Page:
Today, the U.N. Panel of Experts monitoring (non-)compliance with its North Korea sanctions released its latest report, and it’s a doozy. Including exhibits, it’s almost 300 pages long, and the substance should be material for several posts. Our first installment comes from the December 2015 conviction of Chinpo Shipping over the 2013 Cuba arms shipment. Remember last July, when I asked, “What about the Bank of China?” Well, we have our answer, and from the look of it, the Bank of China had better lawyer up:
190. In a rare proliferation financing prosecution, the Singapore District Court charged Chinpo Shipping Company (Private) and its Director, Tan Cheng Hoe, with providing financial services or transferring financial assets or resources to OMM (see paras. 137-141). On 14 December 2015, the Court found that Mr. Tan had transferred $72,016.76 to a foreign shipping agent for the shipment aboard the Chong Chon Gang in July 2013 (intercepted by Panama).
191. The judge, Jasvender Kaur, stated that Chinpo “had conducted no due diligence whatsoever” before transferring the funds on 8 July 2013. She found that Chinpo had applied for 605 outward remittances totalling $40 million between 2009 and 2013 on behalf of nationals of the Democratic People’s Republic of Korea. The accused described himself as a “payment agent” for OMM.
192. Court documents provide ample evidence of both the implementation and the evasion of targeted financial measures. The documents indicate that, although Chinpo at one time indicated vessel names in its outgoing remittance forms, it ceased that practice in the second half of 2010. According to Mr. Tan’s statement, “more questions were asked by the bank in the United States when the vessel name was included, and some processing banks will reject the transaction after asking for more information”. He then stated that the Singapore branch of Bank of China, from which Chinpo had undertaken the transaction of $72,016.76, “had advised [Chinpo] to leave out the vessel name in transactions, that bank was aware that the remittances were being conducted on the behest of Democratic People’s Republic of Korea entities”.95 Apparently, as a result of that advice, Mr. Tan began to remove vessel names from the payment details. Chinpo similarly advised entities of the Democratic People’s Republic of Korea on multiple occasions not to include such names in inward remittances, further assisting sanctions evasion. An employee stated that she had been instructed to include that reminder in outgoing e-mails. Another employee elaborated that that instruction had been included “partly because Chinpo wanted to get the money and the funds would be blocked by the US if the US knew that the transfers were made in relation to a Democratic People’s Republic of Korea vessel”.96 The Panel notes that such information-stripping is consistent with the evasion practices used by other OMM entities and individuals.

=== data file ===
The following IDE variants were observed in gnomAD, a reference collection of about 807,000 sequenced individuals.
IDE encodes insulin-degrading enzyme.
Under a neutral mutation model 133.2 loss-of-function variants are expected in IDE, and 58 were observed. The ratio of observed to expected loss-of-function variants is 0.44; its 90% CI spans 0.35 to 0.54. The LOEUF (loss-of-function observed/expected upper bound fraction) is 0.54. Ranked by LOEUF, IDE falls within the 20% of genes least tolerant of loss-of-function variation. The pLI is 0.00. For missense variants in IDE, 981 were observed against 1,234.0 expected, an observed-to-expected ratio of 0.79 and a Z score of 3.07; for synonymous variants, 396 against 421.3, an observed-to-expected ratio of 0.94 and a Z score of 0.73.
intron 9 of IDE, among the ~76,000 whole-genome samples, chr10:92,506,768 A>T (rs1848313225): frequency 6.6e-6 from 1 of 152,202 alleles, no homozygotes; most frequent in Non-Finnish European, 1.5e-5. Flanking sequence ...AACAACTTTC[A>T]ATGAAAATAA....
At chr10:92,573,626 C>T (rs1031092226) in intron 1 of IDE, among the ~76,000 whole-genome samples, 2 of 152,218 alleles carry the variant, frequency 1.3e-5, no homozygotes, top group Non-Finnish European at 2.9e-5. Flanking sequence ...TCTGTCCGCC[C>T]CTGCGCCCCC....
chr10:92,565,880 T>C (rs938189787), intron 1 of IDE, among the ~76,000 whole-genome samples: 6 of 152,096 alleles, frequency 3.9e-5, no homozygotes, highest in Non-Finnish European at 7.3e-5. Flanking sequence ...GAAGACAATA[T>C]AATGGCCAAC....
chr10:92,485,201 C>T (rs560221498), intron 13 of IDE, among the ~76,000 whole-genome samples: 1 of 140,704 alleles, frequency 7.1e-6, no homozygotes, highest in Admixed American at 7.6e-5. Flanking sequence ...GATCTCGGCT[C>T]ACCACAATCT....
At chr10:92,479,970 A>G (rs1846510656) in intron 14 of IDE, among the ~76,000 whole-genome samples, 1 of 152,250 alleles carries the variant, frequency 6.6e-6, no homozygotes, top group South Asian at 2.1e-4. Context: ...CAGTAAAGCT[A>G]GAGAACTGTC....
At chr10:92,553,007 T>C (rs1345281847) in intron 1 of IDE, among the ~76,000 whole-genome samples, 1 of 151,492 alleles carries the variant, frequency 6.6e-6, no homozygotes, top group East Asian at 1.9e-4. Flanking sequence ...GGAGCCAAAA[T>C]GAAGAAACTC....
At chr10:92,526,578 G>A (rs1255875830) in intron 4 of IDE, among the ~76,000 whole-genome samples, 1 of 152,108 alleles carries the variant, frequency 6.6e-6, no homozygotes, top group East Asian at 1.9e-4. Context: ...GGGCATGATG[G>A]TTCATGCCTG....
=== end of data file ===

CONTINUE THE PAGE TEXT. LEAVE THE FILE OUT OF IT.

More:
Got that? The Bank of China, in violation of Executive Order 13551, deliberately advised a customer to strip data out of series of transactions with a North Korean puppet, who was doing an illegal arms deal through the U.S. financial system. Whether the BoC knew the ultimate purpose of the transactions is no defense. Its legal obligations were to perform due diligence and know its customers, especially when that customer was linked to North Korea.
Stripping the North Korean affiliations out of a wire transfer gives this story the whiff of straight-up money laundering, not unlike the conduct that cost Barclays Bank a $2.5M hit for moving $3.3M for Zimbabwe, or caused Credit Agricole to eat a $300M fine for violating Sudan, Cuba, and Iran sanctions. Et cetera, et cetera.
Historically, $40 million hasn’t been a trivial amount of money to the Treasury Department’s Office of Foreign Assets Control, especially when the data-stripping is willful. It is, to use the technical legal term, a “B.F.D.” This may be the point when we figure out whether the Obama Administration is finally serious about enforcing the law against North Korea or not.
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Update: Yup, called it:
In the Bank of China’s case, Beijing’s diplomats have privately raised concerns about the panel’s decision to name the Chinese bank. They have argued that the only evidence comes from a Singaporean court and that the experts should have relied more on the word of Chinese authorities. [Foreign Policy, Colum Lynch]
Read the whole thing.